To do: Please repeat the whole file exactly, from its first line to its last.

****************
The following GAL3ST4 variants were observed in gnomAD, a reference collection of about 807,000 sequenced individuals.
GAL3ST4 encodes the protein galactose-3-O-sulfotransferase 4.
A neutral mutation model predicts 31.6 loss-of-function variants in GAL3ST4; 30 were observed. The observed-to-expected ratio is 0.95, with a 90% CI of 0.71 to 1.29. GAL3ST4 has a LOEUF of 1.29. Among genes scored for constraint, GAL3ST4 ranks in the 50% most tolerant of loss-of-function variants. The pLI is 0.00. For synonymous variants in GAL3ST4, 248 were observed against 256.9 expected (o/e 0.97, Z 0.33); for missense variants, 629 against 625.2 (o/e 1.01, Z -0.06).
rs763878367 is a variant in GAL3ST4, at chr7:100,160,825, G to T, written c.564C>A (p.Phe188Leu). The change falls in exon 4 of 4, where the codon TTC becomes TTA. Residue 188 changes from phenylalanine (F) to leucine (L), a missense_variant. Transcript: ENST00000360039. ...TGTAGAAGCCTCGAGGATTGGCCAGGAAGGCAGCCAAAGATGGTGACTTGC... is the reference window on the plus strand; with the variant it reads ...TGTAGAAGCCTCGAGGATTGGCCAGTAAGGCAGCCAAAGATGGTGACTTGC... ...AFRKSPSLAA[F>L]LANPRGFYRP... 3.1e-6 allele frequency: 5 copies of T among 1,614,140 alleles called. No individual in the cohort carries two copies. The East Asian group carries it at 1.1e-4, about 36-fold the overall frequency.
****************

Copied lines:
The following GAL3ST4 variants were observed in gnomAD, a reference collection of about 807,000 sequenced individuals.
GAL3ST4 encodes the protein galactose-3-O-sulfotransferase 4.
A neutral mutation model predicts 31.6 loss-of-function variants in GAL3ST4; 30 were observed. The observed-to-expected ratio is 0.95, with a 90% CI of 0.71 to 1.29. GAL3ST4 has a LOEUF of 1.29. Among genes scored for constraint, GAL3ST4 ranks in the 50% most tolerant of loss-of-function variants. The pLI is 0.00. For synonymous variants in GAL3ST4, 248 were observed against 256.9 expected (o/e 0.97, Z 0.33); for missense variants, 629 against 625.2 (o/e 1.01, Z -0.06).
rs763878367 is a variant in GAL3ST4, at chr7:100,160,825, G to T, written c.564C>A (p.Phe188Leu). The change falls in exon 4 of 4, where the codon TTC becomes TTA. Residue 188 changes from phenylalanine (F) to leucine (L), a missense_variant. Transcript: ENST00000360039. ...TGTAGAAGCCTCGAGGATTGGCCAGGAAGGCAGCCAAAGATGGTGACTTGC... is the reference window on the plus strand; with the variant it reads ...TGTAGAAGCCTCGAGGATTGGCCAGTAAGGCAGCCAAAGATGGTGACTTGC... ...AFRKSPSLAA[F>L]LANPRGFYRP... 3.1e-6 allele frequency: 5 copies of T among 1,614,140 alleles called. No individual in the cohort carries two copies. The East Asian group carries it at 1.1e-4, about 36-fold the overall frequency.